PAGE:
TypeScript — JavaScript with superpowers

TypeScript — JavaScript with superpowers

Javascript is cool. But do you know what’s even more cool?

Typescript.

Can you tell what’s wrong with this code?

TypeScript (left) and ES6 (right)

TypeScript can — see that little red underline? That’s Typescript giving us a hint something is horribly gone wrong.

You probably figured this one out (good job) — toUpperCase() is a type of String method. We’re passing an integer as the argument, thus we can’t call toUpperCase() on an integer.

Let’s fix it by stating we can only pass the type String as an argument to our nameToUpperCase() method.

Great! Now instead of having to remember nameToUpperCase() only accepts a String, we can trust Typescript to remember it. Imagine having to remember thousands, if not — tens of thousands methods and all the argument types. Bananas!

We still see red though. Why? Cause we’re still passing an integer! Let’s pass a String now.

Notice TypeScript gets compiled to Javascript (it’s just a superset of Javascript, much like C++ to C)

That’s the big-big argument why TypeScript and type checking is great.

TypeScript had 10,327,953 downloads in the last month.

Typescript downloads compared to Flow downloads

Let’s explore the TypeScript world — we’ll take a deep dive later, but first let’s understand what exactly Typescript is and why it exists.

TypeScript first appeared on 1st of October, 2012. It’s being developed by Microsoft, lead by Anders Hejlsberg (lead architect of C#) and his team.

TypeScript is completely open sourced on GitHub, so anyone can read the source code and contribute.

TypeScript — JavaScript that scales.

How to get started

It’s simple actually — all we need is a NPM package. Open your terminal and type the following:

We should end up with the Typescript config.

All we need to do is create a .ts file and tell the Typescript compiler to watch for changes.

tsc — typescript compiler

This is we what we should end up with

Great — now you can follow along with our examples!

We write the code in .ts files, the .js is the compiled version for the browser to read. In this case we don’t have a browser, we’re using Node.js (so the .js is for Node to read).

Javascript has seven data types which 6 are primitives, the the rest are defined as objects.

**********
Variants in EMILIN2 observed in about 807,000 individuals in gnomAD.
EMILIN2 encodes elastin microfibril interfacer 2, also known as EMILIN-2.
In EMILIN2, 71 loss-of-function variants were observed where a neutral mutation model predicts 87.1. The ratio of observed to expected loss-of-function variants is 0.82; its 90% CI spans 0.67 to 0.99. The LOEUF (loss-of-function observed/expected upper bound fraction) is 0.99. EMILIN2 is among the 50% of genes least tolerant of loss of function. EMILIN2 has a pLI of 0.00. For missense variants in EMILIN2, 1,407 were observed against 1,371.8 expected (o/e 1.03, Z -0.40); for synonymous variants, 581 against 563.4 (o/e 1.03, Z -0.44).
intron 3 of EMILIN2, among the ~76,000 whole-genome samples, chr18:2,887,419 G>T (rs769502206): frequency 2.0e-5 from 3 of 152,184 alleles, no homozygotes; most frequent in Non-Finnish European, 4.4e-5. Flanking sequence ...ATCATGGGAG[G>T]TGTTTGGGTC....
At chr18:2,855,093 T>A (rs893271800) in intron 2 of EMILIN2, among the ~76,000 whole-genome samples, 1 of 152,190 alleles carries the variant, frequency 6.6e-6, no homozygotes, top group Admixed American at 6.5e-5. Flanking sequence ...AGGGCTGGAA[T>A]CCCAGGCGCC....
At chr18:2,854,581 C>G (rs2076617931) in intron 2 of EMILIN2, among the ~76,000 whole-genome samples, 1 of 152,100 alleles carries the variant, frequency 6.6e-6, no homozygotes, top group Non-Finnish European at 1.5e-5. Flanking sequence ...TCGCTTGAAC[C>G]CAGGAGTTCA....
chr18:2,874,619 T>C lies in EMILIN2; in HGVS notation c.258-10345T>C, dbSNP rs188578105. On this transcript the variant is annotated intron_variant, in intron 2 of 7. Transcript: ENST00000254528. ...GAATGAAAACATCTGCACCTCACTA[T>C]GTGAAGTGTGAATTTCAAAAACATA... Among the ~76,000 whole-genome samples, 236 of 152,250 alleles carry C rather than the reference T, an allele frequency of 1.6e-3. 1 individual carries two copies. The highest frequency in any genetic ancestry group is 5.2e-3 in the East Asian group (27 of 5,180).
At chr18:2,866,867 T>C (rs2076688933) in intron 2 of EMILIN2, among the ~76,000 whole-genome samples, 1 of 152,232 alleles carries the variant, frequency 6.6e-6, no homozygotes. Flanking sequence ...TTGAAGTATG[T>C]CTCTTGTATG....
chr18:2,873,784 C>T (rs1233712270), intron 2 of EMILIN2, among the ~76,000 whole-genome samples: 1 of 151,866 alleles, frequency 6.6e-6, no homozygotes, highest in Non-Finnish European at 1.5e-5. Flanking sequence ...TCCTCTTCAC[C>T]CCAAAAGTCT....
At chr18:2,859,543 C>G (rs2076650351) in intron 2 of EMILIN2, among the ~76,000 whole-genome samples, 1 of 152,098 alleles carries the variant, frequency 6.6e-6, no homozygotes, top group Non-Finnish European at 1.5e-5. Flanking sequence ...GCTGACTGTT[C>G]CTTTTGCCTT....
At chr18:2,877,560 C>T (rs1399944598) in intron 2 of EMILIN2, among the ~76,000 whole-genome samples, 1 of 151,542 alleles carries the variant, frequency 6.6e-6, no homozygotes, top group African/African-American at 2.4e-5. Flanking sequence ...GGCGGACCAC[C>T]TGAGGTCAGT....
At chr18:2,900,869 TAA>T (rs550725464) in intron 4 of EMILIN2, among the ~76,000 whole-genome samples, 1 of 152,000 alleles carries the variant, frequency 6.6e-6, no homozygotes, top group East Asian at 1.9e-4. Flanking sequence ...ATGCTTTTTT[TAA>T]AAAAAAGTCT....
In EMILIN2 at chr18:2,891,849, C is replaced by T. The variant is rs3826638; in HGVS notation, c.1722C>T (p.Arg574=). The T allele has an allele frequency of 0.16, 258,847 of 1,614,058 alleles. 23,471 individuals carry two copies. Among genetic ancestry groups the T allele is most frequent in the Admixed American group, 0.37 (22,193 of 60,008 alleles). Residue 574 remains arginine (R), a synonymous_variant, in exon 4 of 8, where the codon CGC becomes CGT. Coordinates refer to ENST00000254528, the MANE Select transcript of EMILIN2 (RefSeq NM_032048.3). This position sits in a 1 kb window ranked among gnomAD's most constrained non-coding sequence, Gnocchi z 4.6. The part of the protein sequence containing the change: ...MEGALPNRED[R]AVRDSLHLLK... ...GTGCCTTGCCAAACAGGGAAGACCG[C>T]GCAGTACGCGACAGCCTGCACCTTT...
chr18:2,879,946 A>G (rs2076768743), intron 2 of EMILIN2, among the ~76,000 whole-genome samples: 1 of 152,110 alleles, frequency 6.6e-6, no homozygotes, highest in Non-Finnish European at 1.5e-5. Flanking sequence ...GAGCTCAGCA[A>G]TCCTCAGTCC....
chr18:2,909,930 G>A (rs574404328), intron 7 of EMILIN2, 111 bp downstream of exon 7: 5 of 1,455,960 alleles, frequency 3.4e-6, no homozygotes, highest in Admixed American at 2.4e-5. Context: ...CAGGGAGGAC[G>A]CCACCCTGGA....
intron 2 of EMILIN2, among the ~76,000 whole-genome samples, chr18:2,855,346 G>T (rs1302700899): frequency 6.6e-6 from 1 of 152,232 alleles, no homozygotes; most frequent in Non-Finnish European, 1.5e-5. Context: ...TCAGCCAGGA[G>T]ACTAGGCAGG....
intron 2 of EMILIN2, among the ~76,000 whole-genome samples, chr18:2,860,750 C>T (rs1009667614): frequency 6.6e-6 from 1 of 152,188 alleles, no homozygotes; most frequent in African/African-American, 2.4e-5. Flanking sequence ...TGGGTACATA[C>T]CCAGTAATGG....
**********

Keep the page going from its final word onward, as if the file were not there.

Javascript primitives are the following:

  • String
  • Number
  • Undefined
  • Null
  • Symbol
  • Boolean

What’s left are called objects

Typescript shares the same basic types with Javascript but have a couple extra types in the bag.

The extra types are optional and you don’t have to use them if you’re not familiar with them. I’ve found that’s the beauty of Typescript, it doesn’t use much force and is not as restrictive.

The extra types are the following:

Imagine tuples as organized arrays. You predefine the types in the correct order.

unorganized array vs tuple (organized array)

If we don’t follow the sorting index rules we issued for our tuple, Typescript will hint us we didn’t go by the rules

The tuple expects the first value to be a number — but it’s not in this case, it’s a string "Indrek" and thus giving us an error.


In Typescript, you have to define the return type in your functions. Like so:
There are functions which don’t have a return statement;

Notice how we declare the argument type AND the return type — both are strings.

Now what happens if we don’t return anything? Real world example would be a console.log statement inside the functions body.

We can see the Typescript compiler telling us: “Hey, you didn’t return anything but you explicitly said we HAVE to return a string. I’m just letting you know that we didn’t follow the rules.”

So what if we don’t want to return anything? Let’s say we have a callback in our function. We use the Void return type in such situations.

But in case we do return a value, implicitly or explicitly, we can’t have the return type of Void


The any type is very simple. We simply don’t know what type we’re dealing with so it might as well be any

For example;

Notice how we’re reassigning the person’s type around so many times. First it’s a string, after a number and finally a boolean. We simply can’t be sure of the type.

Real world examples would be if you’re using a 3rd party library and you don’t know the types.

Let’s take an array. You pull some data from an API and store it in the array. The array consists of random data. It won’t consist of only strings, numbers nor will it have a organized structure like a tuple. Any type comes to the rescue!

If you know the array only consists of one type, you can explicitly state that to the compiler, like so:

While this article is gaining length, we’ll continue in the next chapter. We still have to cover couple last basic types — enum — never — null — undefined and special case type assertions.

Here’s the docs in case you’re interested in learning more.

Note: I use Visual Studio Code, Ayu Mirage theme with the Source Code Pro font.

Part II

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